Many people are intimidated by the application process at Pokemon Crossing. It has a lot of questions on it, and if you've never roleplayed before it can be a bit daunting to answer them at first. Please note that these are my own opinions based on personal experience with creating a character, but I've tried to write as objectively as possible. I'm by no means an expert at creating characters, but hopefully I can share some knowledge I have—and I'm doing this, because I probably won't have time to critique last minute apps. (I'll be using Bennet as an example.)
Start Simple:The best way to make a character is to start with a simple idea, (e.g. "a shinx that was raised to use electricity the way we do by electricians"). Web sites like Bulbapedia are fantastic starting points for picking a Pokemon. Once you have that, you can build it up from there. Use this idea as your focus, while you explain how, when, what, where, why, they became this sort of character. While you may put bits of your own personality or life into your character, avoid writing a self insert. This will only stunt your progress and limit your character.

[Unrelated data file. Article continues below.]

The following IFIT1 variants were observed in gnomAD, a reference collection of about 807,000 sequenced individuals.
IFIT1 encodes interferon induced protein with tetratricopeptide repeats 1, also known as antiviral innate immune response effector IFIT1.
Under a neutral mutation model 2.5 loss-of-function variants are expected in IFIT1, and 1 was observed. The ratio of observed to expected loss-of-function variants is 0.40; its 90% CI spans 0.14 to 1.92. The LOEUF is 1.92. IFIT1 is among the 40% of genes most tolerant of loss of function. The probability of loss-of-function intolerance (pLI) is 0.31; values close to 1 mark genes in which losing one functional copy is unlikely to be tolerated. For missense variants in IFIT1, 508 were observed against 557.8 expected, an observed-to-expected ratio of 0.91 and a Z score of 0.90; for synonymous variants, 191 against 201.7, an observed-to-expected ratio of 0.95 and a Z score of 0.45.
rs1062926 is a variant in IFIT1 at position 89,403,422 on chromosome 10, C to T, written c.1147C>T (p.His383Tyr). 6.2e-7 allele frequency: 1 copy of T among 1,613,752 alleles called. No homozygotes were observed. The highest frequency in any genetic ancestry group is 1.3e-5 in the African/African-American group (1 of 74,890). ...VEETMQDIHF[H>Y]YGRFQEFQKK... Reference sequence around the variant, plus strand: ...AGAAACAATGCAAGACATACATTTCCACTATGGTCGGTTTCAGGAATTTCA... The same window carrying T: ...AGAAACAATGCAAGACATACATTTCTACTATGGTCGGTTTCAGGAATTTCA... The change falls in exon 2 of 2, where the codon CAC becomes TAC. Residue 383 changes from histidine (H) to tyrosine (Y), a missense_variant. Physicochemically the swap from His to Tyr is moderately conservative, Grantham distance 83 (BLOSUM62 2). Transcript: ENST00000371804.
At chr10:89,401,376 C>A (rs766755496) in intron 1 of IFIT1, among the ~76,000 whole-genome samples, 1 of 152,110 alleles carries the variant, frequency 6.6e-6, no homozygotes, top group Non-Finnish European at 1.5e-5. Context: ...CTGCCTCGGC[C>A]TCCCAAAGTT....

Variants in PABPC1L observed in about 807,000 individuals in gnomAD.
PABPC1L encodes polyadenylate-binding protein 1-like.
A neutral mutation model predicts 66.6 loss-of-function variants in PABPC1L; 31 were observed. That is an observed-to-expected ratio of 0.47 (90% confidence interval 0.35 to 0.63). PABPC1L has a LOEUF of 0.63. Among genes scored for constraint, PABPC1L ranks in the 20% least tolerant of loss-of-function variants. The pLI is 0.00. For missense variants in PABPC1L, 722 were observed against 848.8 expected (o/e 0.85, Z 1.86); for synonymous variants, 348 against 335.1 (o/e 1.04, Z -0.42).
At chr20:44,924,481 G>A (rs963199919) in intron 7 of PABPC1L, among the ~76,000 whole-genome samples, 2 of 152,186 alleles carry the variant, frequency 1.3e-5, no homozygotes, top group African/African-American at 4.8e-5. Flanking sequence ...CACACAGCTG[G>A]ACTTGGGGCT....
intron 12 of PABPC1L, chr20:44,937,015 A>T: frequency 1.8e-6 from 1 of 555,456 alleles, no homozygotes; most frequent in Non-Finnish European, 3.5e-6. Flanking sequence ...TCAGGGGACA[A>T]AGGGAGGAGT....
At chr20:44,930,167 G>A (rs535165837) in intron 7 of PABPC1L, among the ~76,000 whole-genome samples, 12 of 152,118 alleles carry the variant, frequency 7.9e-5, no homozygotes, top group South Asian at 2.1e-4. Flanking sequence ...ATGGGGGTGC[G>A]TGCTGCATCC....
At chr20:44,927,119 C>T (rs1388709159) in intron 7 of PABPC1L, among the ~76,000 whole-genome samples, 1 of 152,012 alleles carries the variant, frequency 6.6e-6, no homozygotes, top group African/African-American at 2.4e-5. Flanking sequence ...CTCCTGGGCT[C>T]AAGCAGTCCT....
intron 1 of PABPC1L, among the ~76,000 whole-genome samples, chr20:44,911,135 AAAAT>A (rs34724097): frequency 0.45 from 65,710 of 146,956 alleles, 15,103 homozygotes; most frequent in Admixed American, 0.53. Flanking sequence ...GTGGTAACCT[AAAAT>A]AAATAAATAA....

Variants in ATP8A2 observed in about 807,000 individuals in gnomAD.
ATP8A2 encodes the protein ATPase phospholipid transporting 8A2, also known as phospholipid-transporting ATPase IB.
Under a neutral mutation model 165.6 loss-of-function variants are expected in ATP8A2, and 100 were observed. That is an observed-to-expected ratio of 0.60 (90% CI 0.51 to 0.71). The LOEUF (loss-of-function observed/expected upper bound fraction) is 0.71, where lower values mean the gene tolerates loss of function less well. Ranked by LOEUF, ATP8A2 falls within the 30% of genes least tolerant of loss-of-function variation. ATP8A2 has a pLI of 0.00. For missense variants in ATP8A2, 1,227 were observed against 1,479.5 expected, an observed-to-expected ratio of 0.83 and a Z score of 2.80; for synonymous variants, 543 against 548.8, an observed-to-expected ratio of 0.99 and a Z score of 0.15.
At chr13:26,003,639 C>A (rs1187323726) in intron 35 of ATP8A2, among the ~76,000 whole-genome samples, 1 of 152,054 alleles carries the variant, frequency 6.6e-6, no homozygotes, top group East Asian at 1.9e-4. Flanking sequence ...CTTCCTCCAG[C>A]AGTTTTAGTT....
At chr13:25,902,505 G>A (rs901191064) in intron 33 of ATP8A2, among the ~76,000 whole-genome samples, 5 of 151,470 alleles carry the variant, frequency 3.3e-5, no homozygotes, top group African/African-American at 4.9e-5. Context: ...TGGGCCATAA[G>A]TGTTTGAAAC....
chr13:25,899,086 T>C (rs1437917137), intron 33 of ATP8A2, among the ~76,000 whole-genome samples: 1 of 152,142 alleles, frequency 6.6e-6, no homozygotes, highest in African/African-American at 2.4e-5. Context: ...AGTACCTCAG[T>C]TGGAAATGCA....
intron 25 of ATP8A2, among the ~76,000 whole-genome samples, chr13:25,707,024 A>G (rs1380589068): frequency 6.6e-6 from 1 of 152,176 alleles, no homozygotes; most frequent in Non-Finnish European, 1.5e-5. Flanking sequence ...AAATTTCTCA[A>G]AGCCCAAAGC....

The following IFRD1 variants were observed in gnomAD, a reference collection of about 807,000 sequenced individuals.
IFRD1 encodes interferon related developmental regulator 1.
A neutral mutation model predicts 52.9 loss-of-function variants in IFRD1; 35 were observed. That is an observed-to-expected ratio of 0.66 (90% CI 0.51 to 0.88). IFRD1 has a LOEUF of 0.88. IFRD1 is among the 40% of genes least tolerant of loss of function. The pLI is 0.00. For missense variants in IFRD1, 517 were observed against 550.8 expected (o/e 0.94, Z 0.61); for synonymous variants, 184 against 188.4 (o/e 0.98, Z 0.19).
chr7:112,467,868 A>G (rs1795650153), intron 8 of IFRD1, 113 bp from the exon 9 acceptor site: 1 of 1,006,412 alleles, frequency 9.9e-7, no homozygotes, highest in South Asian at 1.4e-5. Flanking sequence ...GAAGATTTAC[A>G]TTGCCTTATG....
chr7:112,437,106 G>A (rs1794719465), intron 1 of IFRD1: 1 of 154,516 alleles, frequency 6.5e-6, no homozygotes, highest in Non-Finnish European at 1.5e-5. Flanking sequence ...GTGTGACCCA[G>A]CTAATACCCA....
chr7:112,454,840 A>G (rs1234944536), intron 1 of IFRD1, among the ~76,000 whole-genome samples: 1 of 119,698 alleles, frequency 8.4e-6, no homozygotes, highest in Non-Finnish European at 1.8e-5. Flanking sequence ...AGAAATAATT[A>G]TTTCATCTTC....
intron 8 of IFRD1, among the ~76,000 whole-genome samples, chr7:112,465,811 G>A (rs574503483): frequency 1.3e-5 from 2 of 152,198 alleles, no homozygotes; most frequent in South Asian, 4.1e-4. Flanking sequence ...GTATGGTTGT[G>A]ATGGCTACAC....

Nature:Consider how your character's Nature affects their History. A Pokemon's nature will have a significant effect on their decisions in life, and sticking to their nature is an easy way to come up with interesting, yet logical routes for character development.
☻ See also Nature at Bulbapedia
For instance, a Naive Pokemon may have a lot of knowledge about one area, but will have trouble connecting new ideas relating to it on their own. Bennet's parents raised him to understand everything about Electricity from an Electrician's perspective, how phone networks work, how electricity is generated for the public, etc. Until he came to Pokette Town, he had no idea that Electricity (specifically his own electric moves) could be used to defend himself or protect his friends—essentially as a combat medium. This was a great spot for character development, which comes easily to Naive characters who are constantly in need of learning new things, but is possible for every nature because each is lacking in some way.